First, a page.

SIOP and Russell & Burch's 3Rs


W.M.S. Russell and R.L. Burch
R.L. Burch and W.M.S. Russell2
W.M.S. Russell (1925-2006) and R.L. Burch (1926-1996) originated the concepts of replacement, reduction, and refinement, which they published in their 1959 book, The Principles of Humane Experimental Technique (Principles)1. The Principles was presented not as the final word of this science, but as a foundation for future developments. The 3Rs, as Russell and Burch first called them, were put forward not just to assist investigators in finding and using currently available techniques but also to encourage the development of as-yet unknown tools and methodologies.

Preclinical drug discovery researchers continue developing new tools and methodologies in alignment with the 3Rs. Unbeknownst to Russell and Burch, "SIOP" has provided significant contributions to the 3Rs.

What is “SIOP”?

Sales, Inventory and Operations Planning (SIOP) is an integrated business management process, developed in 1983 by Oliver Wight, through which the executive/leadership team continually achieves focus, alignment and synchronization among all functions of the organization. As depicted in the cartoon, many times organizations work in silos and have differing interpretations of the end goal:
Misaligned Functional Components
Misaligned Functional Components3
American Production and Inventory Control Society (APICS) defines SIOP as the "function of setting the overall level of manufacturing output (production plan) and other activities to best satisfy the current planned levels of sales (sales plan and/or forecasts), while meeting general business objectives of profitability, productivity, competitive customer lead times, etc., as expressed in the overall business plan. One of its primary purposes is to establish production rates that will achieve management's objective of maintaining, raising, or lowering inventories or backlogs, while usually attempting to keep the workforce relatively stable. It must extend through a planning horizon sufficient to plan the labor, equipment, facilities, material, and finances required to accomplish the production plan. As this plan affects many company functions, it is normally prepared with information from marketing, manufacturing, engineering, finance, materials, etc4."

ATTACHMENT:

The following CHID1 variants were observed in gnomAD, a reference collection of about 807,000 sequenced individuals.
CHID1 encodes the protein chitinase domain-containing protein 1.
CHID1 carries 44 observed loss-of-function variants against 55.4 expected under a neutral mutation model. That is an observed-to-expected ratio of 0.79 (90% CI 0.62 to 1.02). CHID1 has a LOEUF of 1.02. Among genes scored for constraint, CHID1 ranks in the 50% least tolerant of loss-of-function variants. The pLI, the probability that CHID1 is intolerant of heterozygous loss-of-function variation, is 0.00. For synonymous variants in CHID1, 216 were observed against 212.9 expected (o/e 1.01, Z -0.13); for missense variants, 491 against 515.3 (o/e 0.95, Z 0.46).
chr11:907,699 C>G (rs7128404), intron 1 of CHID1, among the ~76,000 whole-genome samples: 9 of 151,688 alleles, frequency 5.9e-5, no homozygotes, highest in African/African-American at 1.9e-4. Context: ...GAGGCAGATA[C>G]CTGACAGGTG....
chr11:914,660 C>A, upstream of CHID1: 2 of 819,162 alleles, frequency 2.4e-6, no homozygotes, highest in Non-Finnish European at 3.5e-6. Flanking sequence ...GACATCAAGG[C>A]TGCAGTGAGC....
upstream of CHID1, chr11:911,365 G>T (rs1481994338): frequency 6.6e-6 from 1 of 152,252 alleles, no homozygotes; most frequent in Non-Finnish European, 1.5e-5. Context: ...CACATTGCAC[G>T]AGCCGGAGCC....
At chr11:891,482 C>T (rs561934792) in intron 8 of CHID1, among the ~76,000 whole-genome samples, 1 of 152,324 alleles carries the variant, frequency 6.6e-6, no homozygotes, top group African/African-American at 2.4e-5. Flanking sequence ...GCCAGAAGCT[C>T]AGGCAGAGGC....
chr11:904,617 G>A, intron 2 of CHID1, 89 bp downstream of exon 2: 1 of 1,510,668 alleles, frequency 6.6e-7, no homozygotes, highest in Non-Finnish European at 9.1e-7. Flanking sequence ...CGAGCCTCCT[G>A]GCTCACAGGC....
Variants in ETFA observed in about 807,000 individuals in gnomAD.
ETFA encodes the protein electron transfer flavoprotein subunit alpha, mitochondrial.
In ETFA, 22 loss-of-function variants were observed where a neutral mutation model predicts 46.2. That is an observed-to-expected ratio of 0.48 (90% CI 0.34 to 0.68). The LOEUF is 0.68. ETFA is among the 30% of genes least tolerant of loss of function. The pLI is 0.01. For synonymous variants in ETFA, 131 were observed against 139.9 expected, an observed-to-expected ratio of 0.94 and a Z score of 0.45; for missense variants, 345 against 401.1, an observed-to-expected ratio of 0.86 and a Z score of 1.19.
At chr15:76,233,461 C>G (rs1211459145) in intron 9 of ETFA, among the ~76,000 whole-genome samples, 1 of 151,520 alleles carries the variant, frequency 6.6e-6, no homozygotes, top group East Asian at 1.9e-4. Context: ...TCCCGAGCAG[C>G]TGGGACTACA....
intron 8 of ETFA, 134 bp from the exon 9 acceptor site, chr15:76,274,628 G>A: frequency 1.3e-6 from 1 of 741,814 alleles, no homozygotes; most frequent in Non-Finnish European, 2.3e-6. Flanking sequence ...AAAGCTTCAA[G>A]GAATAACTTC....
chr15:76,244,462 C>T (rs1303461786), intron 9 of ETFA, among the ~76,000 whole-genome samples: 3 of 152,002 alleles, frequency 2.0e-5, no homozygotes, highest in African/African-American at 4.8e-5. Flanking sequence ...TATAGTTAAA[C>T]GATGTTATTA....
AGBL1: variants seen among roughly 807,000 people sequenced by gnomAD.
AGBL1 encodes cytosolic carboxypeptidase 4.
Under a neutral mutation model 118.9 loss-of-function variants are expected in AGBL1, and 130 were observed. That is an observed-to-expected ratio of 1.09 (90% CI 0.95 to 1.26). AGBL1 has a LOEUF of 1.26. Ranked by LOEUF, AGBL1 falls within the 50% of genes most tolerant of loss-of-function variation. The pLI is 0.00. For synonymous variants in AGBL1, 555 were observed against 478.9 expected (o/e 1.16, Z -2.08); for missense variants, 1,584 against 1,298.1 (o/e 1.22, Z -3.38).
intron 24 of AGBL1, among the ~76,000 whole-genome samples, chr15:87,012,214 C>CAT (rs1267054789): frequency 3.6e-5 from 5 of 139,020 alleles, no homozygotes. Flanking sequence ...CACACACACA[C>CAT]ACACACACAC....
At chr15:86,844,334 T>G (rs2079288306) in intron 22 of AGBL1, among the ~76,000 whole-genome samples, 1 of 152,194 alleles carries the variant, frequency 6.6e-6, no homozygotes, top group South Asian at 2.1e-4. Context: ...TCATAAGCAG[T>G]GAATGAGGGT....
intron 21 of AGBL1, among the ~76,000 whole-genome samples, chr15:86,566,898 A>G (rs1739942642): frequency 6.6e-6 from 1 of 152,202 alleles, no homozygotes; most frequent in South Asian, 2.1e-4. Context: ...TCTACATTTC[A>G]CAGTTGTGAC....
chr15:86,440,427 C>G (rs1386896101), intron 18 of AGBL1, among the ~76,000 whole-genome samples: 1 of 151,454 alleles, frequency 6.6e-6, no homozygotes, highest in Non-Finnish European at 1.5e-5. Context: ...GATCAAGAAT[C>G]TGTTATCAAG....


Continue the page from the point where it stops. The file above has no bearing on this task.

A properly-implemented SIOP process routinely reviews customer demand and supply resources and "re-plans" quantitatively across an agreed upon rolling horizon. The re-planning process focuses on changes from the previously agreed sales, inventory and operations plan. While it helps the management team to understand how the company achieved its current level of performance, its primary focus is on future actions and anticipated results. Companies use the SIOP process to monitor the execution of the company's strategy.

The overall output of the SIOP process is a forecast that is updated monthly that leads to a sales plan, production plan, inventory plan, new product development plan, strategic initiative plan, and resulting financial plan.

How is SIOP Performed?